One thing is for sure, though: it is unrealistic for entrepreneurs to develop a new iOS app of the mobile internet. Instead, they can find a lot of opportunities from applications built on LLMs. We have invested in many companies working on AIGC and they are doing very well.
China Entrepreneur: Do the changes in the cycle of entrepreneurship mean new requirements for investors? With fewer entrepreneurs and thus less demand for money, how can investors find good projects?
Zhu: In fact the key remains unchanged, that is, make your own judgment and never follow the herd. In the first half of 2023, most investors chased after LLM projects and poured massive amounts of money into them. But now they are all at a loss.
What we’re seeing now is similar to what happened when the operating systems first appeared. In the early stage, LLM companies may have no time for some minor features, leaving opportunities for start-ups. Once the LLM companies have time, however, they will be able to add them immediately. By then start-ups can get nothing.
An article online mentioned that the launch of a package of GPT-4 tools destroyed a slew of start-ups. In my opinion, start-ups should avoid directly taking part in the LLM race, or they would struggle to survive.
Today LLMs can boost programming efficiency by 50 percent. This can help companies cut labor costs from junior programmers. But to deal with the bugs created in the process, more senior programmers will be needed to check for mistakes. Many start-ups try to use AI to optimize codes or improve debug process. This is viable only in the short term. If GPT-5 is released in 2024, LLMs may be able to speed up a developer’s code generation by as much as 90 percent. By then, those start-ups will be in danger.
China Entrepreneur: You earlier had a debate with Fu Sheng on LLMs. Is there a clear result now?
Zhu: I honestly don’t think LLMs itself can create opportunities for start-ups. First, the cost is high. Second, without data and scenarios, they would not be able to optimize.
So ultimately it’s still tech giants that can benefit from LLMs. Start-ups should focus on sales, marketing and other vertical market segments they’re good at. Opportunities are huge in these areas.
China Entrepreneur: What does the commercial LLM landscape look like in China? In which stage are companies in?
Zhu: LLM companies are looking for where to use their LLM tool. To be honest, I think China’s top LLM companies can reach the level of GPT-3.5 by the end of 2023, and hopefully GPT-4 by November, 2024. But its commercial use is another thing. Since OpenAI released GPT-4, it has had limited commercial applications to date in the U.S. The situation should be similar in China.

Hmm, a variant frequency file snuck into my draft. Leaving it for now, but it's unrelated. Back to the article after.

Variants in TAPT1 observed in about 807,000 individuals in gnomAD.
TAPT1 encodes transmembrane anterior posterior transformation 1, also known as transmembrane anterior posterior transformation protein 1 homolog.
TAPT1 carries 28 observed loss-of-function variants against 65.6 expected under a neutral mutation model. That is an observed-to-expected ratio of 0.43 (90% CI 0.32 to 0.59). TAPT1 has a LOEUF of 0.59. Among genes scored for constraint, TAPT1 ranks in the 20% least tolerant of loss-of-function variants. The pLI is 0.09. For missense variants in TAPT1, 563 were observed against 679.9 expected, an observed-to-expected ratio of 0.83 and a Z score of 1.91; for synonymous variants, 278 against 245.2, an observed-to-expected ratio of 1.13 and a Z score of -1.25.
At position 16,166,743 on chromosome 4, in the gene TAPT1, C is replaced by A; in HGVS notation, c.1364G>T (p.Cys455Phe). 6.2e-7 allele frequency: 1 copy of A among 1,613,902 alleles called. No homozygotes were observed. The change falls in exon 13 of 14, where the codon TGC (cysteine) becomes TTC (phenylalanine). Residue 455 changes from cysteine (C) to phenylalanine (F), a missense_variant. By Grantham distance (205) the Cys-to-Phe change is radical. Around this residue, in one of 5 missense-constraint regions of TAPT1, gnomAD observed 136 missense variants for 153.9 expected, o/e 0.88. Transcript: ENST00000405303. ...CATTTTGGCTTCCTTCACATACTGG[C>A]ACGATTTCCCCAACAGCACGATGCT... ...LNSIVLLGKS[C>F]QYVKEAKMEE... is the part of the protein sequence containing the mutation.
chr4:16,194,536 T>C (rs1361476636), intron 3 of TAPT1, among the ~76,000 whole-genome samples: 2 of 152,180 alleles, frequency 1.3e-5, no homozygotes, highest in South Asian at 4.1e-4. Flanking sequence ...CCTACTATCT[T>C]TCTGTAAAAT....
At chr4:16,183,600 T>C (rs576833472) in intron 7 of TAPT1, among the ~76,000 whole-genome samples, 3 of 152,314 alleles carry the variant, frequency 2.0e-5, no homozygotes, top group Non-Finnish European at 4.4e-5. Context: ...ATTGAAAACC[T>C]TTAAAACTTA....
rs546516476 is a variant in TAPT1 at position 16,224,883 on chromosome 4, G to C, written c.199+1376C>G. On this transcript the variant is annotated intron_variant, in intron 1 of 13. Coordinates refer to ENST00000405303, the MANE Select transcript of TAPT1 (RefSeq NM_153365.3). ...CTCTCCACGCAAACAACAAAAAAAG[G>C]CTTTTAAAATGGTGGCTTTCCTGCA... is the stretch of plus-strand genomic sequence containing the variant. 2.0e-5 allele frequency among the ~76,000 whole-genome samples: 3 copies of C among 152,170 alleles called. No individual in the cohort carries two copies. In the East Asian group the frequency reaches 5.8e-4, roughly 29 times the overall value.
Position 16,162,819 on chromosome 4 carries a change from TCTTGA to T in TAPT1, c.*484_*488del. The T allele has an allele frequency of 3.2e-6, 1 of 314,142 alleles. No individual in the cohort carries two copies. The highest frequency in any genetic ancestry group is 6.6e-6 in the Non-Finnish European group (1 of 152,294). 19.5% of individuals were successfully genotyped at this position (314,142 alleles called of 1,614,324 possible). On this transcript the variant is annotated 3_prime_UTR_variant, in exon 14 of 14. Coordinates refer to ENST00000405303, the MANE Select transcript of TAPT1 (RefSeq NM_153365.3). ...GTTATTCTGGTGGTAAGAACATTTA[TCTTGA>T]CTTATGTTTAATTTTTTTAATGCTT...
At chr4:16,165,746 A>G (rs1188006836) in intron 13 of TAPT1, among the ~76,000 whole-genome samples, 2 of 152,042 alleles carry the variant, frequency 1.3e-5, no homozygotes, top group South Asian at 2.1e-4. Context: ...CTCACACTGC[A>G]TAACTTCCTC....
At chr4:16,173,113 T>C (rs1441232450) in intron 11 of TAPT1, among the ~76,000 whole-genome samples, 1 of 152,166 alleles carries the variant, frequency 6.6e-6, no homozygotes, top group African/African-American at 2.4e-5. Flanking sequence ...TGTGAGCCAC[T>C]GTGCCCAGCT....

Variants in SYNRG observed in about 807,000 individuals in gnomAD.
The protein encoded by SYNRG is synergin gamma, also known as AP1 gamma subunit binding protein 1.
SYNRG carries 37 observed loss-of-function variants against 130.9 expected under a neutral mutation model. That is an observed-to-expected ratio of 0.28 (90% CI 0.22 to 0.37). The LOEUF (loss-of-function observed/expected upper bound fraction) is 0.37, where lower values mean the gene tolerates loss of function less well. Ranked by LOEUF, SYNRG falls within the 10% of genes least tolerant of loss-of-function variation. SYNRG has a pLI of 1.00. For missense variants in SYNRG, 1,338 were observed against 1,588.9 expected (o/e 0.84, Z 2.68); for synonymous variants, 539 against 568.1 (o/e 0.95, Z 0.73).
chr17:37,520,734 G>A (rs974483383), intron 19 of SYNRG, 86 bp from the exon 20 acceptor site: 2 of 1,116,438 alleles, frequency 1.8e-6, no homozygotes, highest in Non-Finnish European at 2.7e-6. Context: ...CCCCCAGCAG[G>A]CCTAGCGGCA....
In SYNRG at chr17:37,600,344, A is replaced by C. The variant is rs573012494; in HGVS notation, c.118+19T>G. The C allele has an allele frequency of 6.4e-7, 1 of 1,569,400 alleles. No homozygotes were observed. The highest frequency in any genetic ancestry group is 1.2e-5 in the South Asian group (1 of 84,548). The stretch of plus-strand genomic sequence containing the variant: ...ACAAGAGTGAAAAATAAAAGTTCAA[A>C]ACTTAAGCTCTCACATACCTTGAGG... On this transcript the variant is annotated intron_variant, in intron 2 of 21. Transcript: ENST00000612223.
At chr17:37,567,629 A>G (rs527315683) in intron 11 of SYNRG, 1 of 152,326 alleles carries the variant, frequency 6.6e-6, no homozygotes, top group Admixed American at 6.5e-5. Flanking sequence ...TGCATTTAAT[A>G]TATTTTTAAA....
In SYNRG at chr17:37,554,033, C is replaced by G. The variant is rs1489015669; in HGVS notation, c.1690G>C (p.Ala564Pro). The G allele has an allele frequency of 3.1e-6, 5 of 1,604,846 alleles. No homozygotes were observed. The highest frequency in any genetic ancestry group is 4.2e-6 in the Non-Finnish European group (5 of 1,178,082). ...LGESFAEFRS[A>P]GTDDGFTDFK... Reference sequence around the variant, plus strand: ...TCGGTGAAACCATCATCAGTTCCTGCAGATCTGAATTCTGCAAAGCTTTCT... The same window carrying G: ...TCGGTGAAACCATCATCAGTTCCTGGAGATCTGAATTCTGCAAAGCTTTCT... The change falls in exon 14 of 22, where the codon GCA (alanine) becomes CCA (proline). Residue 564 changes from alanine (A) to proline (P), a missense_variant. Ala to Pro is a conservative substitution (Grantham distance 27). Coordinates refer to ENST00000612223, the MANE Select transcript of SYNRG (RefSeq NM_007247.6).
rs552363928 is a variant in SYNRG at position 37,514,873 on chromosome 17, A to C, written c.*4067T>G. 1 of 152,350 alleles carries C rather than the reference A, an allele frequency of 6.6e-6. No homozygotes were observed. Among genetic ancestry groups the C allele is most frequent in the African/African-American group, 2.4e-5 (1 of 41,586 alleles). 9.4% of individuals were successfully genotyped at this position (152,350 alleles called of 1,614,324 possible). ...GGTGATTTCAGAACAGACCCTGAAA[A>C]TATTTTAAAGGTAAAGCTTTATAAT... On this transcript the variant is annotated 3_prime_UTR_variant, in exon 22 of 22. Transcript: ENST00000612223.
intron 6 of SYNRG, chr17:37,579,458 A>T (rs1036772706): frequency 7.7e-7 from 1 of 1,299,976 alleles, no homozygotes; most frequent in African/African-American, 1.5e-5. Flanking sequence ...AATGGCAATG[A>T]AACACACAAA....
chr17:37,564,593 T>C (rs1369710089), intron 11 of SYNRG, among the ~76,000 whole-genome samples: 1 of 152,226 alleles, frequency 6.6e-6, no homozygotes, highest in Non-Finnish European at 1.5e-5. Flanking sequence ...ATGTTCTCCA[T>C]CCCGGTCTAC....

China Entrepreneur: In which areas do you think are LLMs most commercially viable?
Zhu: For now, things like creative writing are the easiest to do. LLMs can write an advertisement, a work report, a speech, and so on, and improve them. They can also do a good job in generating images. Midjourney is a powerful image generator. In China, we feel that LLMs can be better used to generate short videos based on the large amounts of short video data. The situation is different in the U.S. Nearly all of its e-commerce websites, including Amazon, are still based on pictures. In comparison, China’s e-commerce businesses have all shifted from pictures to short videos in the past three years. All the e-commerce websites mostly use short videos, rather than pictures, to increase traffic.
Companies can use product data generated through short videos to train their own vertical models. Fancytech is a successful example of product transformation.
China Entrepreneur: Does this mean a big opportunity for investors to make money? Image and text generation is still a niche.
Zhu: We suggest investors begin with a niche market. Why? Large platforms don’t pay attention to or spend heavily on it. There will be more room as the market grows in several years.
Now is a very good time to spot cost-effective projects from non-consensus areas.
China Entrepreneur: Are leading LLM start-ups still sought after?
Zhu: They were in the first half of 2023, but investors all regretted their decision in the second half.
China Entrepreneur: So is embracing AIGC the only choice for entrepreneurs?
Zhu: Yes. And they must. In two years, any company that does not rely on AIGC would lose competitiveness. Even consumer companies and home appliance companies need to reduce costs and increase efficiency through AIGC.
And that’s very easy to do now. For example, we invested in a company with more than 1,000 employees. Four employees in its human resources department are responsible for answering questions about employee benefits; by using AIGC, the company just needs one robot to do that. How? Feed its benefit policies into the robot and train it for one week, then it will be able to answer all questions from the employees. You see, AIGC helps reduce costs and increase efficiency immediately. AIGC can also be applied in other scenarios, like image generation in games.
Entrepreneurship: Lack of money is a double-edged sword
China Entrepreneur: Recapping 2023, how many projects have you invested in?
Zhu: About one third of the number in past years. The number seems small, yet the truth is many other projects are also on my list of consideration. I’m actually optimistic about several of them and considering whether or when to invest.
If anything else has changed, it is the way I invest. In the past few years, there were times when I invested in a start-up without even meeting its founder in person. I’m unlikely to do that now. Instead, I would spend three to four months researching a project, like what I did 15 or 16 years ago. I would look at the monthly forecasts provided by the founder and compare them with the real data. I would be willing to continue only if they were consistent for three to four months.